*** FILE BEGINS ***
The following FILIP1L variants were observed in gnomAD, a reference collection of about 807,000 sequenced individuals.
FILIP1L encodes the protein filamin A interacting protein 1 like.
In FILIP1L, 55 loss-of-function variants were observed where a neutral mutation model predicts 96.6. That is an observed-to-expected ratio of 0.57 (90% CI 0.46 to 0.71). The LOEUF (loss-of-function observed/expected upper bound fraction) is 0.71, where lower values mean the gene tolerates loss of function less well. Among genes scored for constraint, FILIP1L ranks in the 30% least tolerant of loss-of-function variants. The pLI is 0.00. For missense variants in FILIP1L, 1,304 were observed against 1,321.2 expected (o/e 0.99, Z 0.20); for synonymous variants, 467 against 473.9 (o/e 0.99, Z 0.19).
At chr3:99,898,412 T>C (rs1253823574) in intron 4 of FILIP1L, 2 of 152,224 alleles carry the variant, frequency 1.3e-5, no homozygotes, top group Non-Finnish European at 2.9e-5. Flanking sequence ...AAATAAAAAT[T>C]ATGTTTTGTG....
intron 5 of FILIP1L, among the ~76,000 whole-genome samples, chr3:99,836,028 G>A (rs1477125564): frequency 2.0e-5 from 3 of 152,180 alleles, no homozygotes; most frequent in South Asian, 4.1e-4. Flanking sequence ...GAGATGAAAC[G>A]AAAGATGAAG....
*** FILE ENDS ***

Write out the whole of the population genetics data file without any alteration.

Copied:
The following FILIP1L variants were observed in gnomAD, a reference collection of about 807,000 sequenced individuals.
FILIP1L encodes the protein filamin A interacting protein 1 like.
In FILIP1L, 55 loss-of-function variants were observed where a neutral mutation model predicts 96.6. That is an observed-to-expected ratio of 0.57 (90% CI 0.46 to 0.71). The LOEUF (loss-of-function observed/expected upper bound fraction) is 0.71, where lower values mean the gene tolerates loss of function less well. Among genes scored for constraint, FILIP1L ranks in the 30% least tolerant of loss-of-function variants. The pLI is 0.00. For missense variants in FILIP1L, 1,304 were observed against 1,321.2 expected (o/e 0.99, Z 0.20); for synonymous variants, 467 against 473.9 (o/e 0.99, Z 0.19).
At chr3:99,898,412 T>C (rs1253823574) in intron 4 of FILIP1L, 2 of 152,224 alleles carry the variant, frequency 1.3e-5, no homozygotes, top group Non-Finnish European at 2.9e-5. Flanking sequence ...AAATAAAAAT[T>C]ATGTTTTGTG....
intron 5 of FILIP1L, among the ~76,000 whole-genome samples, chr3:99,836,028 G>A (rs1477125564): frequency 2.0e-5 from 3 of 152,180 alleles, no homozygotes; most frequent in South Asian, 4.1e-4. Flanking sequence ...GAGATGAAAC[G>A]AAAGATGAAG....